If you’ve been hanging around Living in Flux for any period of time, you know that student loans are one of my topics of interest. I’ve talked about why I pay extra on my student loans each month. I’ve talked about what I think could help solve the student loan crisis in the United States. I even won the MyMoneyAppUp Challenge in 2012 for my app design concept to help student loan borrower more easily manage their student loan debt.
And while I’ve skirted around the topic on this site for over a year, I haven’t fully shared my student loan story.
That is, until now.
In my hiatus from posting this fall, I was trying to figure out how to tell my story. What my story is. Why I want to tell my story. How I want to tie the pieces of my story together. Whenever I thought about the story I wanted to tell, it always came back to my student loans.
But, as I’ve said, I’ve only skirted around the topic of my student loan story.
Here’s the truth: I gathered over $96,000 (including interest) in student loans over the course of my undergrad and graduate school careers. Over the course of two years, I’ve been able to pay off over $20,000 and I still have about $72,000 to go. My goal is to pay off my loans by the time I turn 30. For those of you counting, I have a little more than 3 years to go to reach that goal.
Honestly, it kind of takes my breath away when I see it written out like that. But there are a couple of things I’ve learned in dealing with this much student debt.
Things I’ve Learned In Dealing with Over $90,000 Of Student Debt
My student loan story isn’t terribly unique
I picked up the majority of my student loans during undergrad. Going to grad school is what helped bump me over the top from “pretty bad” to “OMG how am I going to be able to even eat?” bad. My accumulation of student loan debt is the result of a perfect storm of lack of financial education, good luck, bad luck, personal circumstance and the idea that the cost would pay off in the end.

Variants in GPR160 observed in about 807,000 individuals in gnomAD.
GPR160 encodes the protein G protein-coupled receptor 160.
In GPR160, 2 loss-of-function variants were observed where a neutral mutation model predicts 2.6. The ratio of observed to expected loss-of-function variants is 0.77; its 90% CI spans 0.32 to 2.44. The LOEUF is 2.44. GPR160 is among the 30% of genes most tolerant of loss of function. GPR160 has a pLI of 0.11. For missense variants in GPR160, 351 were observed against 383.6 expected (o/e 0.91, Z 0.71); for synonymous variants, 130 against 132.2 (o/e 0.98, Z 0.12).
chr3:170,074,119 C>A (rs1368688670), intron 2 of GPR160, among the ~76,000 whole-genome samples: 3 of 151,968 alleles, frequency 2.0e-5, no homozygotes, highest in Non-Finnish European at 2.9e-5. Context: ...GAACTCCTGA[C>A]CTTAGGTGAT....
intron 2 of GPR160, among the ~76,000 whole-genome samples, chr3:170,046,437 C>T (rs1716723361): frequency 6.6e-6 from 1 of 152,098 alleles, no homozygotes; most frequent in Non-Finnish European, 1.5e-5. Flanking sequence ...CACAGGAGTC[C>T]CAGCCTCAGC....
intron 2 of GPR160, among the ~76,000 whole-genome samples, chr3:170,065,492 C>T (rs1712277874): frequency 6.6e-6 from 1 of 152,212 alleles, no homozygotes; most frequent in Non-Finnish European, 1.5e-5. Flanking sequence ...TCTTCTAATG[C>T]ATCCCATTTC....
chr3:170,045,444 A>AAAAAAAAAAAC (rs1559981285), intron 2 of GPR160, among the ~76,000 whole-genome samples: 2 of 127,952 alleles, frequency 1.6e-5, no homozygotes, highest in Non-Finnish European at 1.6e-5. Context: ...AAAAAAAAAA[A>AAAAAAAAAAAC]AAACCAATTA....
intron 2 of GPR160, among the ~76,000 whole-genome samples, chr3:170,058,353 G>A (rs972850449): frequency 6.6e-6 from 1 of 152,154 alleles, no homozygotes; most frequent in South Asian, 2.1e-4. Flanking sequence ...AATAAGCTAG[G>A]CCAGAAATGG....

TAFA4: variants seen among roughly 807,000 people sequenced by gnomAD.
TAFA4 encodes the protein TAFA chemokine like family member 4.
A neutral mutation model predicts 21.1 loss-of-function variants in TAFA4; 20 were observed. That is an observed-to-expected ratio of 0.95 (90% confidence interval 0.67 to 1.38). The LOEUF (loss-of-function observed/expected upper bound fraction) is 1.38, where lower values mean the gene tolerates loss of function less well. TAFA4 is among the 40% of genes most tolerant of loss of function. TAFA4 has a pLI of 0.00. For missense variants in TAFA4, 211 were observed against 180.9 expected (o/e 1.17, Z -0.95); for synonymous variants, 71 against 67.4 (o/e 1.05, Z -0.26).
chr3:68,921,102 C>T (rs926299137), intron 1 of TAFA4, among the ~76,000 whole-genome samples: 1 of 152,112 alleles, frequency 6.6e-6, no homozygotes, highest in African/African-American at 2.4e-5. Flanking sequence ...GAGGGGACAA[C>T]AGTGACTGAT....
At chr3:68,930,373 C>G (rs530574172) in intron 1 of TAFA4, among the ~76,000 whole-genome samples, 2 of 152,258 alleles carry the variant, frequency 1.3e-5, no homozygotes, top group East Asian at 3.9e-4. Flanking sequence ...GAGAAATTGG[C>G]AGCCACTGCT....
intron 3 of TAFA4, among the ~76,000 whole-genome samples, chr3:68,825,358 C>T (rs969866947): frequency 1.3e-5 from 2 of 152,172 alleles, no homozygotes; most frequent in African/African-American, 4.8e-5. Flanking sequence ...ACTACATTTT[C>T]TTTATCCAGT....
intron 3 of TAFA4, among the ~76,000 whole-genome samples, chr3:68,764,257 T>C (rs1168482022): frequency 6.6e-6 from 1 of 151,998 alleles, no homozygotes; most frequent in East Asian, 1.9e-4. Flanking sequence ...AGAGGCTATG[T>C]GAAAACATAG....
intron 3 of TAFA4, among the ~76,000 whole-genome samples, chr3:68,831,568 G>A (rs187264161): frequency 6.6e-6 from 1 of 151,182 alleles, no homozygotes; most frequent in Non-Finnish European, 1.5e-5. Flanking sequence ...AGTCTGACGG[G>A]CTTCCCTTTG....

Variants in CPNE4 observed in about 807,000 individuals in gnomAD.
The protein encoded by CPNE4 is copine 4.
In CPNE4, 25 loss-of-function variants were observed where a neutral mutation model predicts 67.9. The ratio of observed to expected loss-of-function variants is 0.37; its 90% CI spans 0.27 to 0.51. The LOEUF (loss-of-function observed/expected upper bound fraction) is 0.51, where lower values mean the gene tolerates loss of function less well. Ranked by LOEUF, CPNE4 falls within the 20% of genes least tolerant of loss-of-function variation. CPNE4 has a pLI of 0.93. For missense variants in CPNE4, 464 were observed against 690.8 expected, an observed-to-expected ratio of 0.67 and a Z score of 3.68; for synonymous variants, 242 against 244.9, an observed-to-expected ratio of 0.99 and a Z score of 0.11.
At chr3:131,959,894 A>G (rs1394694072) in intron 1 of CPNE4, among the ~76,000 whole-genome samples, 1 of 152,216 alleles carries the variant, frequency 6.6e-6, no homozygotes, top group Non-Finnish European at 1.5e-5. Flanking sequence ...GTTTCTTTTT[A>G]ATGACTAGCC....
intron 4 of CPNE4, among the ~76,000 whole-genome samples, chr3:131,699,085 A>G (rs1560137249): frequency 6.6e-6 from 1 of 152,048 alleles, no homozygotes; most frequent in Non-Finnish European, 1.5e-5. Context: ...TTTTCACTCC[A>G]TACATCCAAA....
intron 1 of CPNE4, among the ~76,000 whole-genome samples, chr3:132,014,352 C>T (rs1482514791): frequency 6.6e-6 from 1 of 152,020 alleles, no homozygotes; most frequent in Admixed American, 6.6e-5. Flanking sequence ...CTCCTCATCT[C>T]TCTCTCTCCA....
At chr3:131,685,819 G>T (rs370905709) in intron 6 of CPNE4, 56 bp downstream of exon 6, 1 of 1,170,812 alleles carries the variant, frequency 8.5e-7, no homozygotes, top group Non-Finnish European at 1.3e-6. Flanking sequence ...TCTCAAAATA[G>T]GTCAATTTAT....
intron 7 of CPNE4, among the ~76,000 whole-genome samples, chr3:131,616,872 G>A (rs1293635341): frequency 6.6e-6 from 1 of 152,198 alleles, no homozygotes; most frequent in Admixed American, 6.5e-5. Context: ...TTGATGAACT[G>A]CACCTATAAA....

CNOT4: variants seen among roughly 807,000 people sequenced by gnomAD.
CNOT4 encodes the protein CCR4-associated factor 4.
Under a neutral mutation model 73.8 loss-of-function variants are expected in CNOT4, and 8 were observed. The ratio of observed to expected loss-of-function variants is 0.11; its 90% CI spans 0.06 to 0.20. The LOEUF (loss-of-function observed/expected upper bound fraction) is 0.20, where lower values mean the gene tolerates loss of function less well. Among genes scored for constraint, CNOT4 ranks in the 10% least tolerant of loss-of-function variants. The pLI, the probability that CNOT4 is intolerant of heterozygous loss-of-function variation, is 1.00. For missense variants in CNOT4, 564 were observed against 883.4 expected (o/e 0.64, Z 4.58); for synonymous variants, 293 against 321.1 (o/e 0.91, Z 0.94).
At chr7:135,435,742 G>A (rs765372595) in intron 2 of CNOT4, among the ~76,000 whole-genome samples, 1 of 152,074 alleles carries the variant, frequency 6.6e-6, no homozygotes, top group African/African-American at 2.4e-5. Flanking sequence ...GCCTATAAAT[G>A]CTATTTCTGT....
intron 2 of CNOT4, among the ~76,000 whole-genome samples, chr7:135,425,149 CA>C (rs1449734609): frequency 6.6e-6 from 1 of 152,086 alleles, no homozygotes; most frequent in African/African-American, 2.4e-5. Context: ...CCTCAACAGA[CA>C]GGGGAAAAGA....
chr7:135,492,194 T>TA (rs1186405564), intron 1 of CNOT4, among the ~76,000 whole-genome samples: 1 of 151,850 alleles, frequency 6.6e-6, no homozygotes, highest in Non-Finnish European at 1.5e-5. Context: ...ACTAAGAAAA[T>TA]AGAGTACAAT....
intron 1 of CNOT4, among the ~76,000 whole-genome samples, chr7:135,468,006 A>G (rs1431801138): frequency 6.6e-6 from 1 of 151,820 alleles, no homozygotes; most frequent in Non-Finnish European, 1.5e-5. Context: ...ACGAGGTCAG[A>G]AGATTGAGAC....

It wasn’t like I took out student loans for every bit of tuition and expenses either. My $90,000 was AFTER getting about half of my tuition for 6 years of higher education covered by scholarships, financial aid, grants, work-study and assistantships. Let me say that again, the $90,000 in student loans was AFTER getting about 50% off of the sticker price.
The thing is: I’m not alone. There are millions of others out there like me. Student loan debt in the United States has surpassed $1,000,000,000 and the average student loan balance of a college graduate is over $27,000. While I’m way above average in my student loan balance, I know and have heard of many others who are saddled with the same large amounts of student debt as myself.
Coulda’ woulda’ shoulda’ doesn’t pay the student loan bills
Looking back, I’m not sure if I would have done things the way I did. But I can’t take them back. And I really can’t complain about where I’ve ended up. I have degrees in art history and library science and, so far, I think I’m doing pretty well considering I got two degrees that many might consider “useless” (that’s a conversation for another day though).
Whether I should have taken the student loans is neither here nor there at this point. I’ve taken them. So many other people have taken them. Wishing them away and wondering what could have been doesn’t pay the bills and it doesn’t reduce my debt. Luckily, I’m in a position and a career where I can say that so far the investment has been worth it.